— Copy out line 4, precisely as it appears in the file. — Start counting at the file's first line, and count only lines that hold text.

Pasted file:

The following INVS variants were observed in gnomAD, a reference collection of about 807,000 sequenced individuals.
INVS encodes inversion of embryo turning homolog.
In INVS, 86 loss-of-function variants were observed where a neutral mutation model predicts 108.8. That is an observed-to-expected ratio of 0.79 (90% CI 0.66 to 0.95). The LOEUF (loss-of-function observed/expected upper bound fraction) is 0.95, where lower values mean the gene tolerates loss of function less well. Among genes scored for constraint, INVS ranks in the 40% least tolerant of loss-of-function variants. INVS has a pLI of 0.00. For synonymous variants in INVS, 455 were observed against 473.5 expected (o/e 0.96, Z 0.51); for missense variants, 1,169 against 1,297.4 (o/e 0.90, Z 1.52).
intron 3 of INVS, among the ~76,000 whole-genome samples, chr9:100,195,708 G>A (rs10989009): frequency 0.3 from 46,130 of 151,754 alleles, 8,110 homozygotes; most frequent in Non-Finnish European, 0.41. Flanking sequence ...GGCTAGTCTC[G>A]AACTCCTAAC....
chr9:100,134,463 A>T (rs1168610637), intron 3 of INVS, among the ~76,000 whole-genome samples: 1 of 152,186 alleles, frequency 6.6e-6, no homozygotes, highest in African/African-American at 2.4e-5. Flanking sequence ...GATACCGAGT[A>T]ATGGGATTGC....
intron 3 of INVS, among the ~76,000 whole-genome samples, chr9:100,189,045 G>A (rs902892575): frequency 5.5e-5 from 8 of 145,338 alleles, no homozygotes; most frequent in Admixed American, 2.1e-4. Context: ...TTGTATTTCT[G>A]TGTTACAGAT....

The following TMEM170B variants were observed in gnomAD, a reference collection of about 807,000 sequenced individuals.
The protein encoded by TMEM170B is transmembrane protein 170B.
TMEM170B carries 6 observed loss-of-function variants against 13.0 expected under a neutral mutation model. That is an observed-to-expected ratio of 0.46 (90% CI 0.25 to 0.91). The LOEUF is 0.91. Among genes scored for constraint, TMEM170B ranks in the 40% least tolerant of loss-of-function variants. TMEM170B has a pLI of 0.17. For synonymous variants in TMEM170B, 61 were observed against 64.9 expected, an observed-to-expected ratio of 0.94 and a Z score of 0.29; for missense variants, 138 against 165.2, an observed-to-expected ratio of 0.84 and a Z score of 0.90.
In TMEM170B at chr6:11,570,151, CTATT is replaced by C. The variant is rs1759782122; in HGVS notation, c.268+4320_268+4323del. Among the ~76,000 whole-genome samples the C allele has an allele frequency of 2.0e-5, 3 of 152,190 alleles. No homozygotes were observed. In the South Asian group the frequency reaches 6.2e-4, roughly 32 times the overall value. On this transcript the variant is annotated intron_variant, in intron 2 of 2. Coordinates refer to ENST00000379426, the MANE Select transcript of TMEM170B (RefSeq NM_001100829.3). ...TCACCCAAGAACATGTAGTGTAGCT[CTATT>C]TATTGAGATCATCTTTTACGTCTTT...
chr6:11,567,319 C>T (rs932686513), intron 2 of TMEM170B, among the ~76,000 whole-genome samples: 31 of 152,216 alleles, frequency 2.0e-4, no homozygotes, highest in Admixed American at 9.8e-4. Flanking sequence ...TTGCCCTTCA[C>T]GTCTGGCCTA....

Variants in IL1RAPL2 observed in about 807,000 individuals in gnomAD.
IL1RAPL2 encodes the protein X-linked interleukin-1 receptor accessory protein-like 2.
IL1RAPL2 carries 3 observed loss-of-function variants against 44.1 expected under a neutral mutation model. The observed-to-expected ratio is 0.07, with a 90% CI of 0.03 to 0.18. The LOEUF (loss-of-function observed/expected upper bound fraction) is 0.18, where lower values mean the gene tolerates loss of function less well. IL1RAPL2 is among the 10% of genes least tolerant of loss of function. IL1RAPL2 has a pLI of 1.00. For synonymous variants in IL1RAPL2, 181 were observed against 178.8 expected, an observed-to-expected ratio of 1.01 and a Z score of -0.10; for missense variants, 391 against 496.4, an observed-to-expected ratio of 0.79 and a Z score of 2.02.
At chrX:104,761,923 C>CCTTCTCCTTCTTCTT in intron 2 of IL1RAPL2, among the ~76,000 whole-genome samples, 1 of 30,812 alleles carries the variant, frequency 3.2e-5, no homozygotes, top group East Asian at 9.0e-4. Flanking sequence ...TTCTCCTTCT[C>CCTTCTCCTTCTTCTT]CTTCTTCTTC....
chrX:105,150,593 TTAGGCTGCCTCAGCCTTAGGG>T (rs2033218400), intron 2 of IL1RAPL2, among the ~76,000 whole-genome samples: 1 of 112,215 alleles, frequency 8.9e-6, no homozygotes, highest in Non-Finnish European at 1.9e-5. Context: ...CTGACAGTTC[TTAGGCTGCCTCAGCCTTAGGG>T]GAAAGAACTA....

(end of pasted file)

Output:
intron 3 of INVS, among the ~76,000 whole-genome samples, chr9:100,195,708 G>A (rs10989009): frequency 0.3 from 46,130 of 151,754 alleles, 8,110 homozygotes; most frequent in Non-Finnish European, 0.41. Flanking sequence ...GGCTAGTCTC[G>A]AACTCCTAAC....